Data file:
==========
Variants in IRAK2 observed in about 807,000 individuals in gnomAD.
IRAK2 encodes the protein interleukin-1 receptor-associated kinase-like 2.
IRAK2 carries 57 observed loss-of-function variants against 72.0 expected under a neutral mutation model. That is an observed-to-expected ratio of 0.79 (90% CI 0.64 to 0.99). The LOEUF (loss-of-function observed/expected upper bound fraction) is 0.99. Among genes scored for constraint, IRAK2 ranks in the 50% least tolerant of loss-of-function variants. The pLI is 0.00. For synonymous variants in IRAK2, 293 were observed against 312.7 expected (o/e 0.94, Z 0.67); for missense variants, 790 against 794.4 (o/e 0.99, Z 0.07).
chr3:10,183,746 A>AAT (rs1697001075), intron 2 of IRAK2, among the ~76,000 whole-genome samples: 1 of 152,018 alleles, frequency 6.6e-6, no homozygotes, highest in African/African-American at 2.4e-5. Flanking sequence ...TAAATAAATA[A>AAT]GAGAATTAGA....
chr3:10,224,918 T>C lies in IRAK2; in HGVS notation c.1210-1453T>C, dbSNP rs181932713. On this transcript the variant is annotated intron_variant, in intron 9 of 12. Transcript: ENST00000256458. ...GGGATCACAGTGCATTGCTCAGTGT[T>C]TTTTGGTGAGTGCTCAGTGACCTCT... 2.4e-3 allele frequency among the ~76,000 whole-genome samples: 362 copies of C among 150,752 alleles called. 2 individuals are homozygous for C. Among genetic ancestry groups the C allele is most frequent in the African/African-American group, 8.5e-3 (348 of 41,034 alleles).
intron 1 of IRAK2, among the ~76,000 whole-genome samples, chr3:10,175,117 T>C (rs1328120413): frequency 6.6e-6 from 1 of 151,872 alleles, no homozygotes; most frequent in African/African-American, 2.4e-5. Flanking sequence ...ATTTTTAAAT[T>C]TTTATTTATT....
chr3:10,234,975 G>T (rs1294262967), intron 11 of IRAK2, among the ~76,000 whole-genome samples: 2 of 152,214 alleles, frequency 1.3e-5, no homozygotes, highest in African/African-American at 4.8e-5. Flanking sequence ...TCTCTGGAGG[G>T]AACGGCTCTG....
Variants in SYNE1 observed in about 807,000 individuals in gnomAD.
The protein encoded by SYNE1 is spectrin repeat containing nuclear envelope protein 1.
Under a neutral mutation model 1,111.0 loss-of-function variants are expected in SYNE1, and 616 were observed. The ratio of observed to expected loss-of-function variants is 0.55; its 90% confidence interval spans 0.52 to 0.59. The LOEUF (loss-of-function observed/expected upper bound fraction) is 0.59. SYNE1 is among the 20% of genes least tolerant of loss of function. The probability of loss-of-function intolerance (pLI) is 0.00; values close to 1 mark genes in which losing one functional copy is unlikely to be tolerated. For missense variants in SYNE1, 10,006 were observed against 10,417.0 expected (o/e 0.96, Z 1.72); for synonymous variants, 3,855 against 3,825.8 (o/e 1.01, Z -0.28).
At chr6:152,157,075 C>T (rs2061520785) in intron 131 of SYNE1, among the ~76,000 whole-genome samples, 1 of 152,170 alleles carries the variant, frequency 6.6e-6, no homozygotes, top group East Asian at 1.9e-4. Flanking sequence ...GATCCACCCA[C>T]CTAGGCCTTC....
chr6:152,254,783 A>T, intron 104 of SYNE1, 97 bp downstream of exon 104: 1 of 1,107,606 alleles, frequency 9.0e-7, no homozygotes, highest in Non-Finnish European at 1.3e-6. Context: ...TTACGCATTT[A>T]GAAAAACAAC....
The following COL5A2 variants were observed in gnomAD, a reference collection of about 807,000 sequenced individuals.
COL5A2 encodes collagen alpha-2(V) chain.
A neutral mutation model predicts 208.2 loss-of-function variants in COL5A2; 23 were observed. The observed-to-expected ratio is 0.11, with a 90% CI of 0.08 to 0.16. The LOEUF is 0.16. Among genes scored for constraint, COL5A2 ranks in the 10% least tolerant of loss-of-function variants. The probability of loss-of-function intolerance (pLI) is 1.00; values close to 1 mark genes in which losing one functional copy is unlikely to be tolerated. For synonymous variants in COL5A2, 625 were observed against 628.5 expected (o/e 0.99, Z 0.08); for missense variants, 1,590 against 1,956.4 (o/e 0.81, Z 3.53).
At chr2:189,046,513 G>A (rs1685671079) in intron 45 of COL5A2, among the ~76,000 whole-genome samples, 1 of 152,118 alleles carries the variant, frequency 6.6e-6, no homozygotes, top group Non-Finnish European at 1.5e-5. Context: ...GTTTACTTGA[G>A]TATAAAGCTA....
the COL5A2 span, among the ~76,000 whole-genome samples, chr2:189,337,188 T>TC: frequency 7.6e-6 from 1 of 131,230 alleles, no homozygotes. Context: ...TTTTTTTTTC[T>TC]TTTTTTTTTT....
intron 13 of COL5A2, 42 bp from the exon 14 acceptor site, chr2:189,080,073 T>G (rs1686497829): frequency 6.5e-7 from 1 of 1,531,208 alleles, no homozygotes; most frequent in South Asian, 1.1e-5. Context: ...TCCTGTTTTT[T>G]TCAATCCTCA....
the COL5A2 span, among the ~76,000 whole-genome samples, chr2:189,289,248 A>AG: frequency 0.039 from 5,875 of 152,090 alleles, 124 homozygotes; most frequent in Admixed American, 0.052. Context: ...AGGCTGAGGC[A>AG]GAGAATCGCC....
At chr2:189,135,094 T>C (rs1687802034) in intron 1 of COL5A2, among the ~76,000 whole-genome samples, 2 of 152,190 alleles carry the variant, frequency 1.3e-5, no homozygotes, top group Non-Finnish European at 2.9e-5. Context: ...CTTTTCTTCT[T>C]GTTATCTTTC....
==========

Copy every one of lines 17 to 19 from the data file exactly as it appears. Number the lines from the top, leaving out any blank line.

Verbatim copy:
the COL5A2 span, among the ~76,000 whole-genome samples, chr2:189,337,188 T>TC: frequency 7.6e-6 from 1 of 131,230 alleles, no homozygotes. Context: ...TTTTTTTTTC[T>TC]TTTTTTTTTT....
intron 13 of COL5A2, 42 bp from the exon 14 acceptor site, chr2:189,080,073 T>G (rs1686497829): frequency 6.5e-7 from 1 of 1,531,208 alleles, no homozygotes; most frequent in South Asian, 1.1e-5. Context: ...TCCTGTTTTT[T>G]TCAATCCTCA....
the COL5A2 span, among the ~76,000 whole-genome samples, chr2:189,289,248 A>AG: frequency 0.039 from 5,875 of 152,090 alleles, 124 homozygotes; most frequent in Admixed American, 0.052. Context: ...AGGCTGAGGC[A>AG]GAGAATCGCC....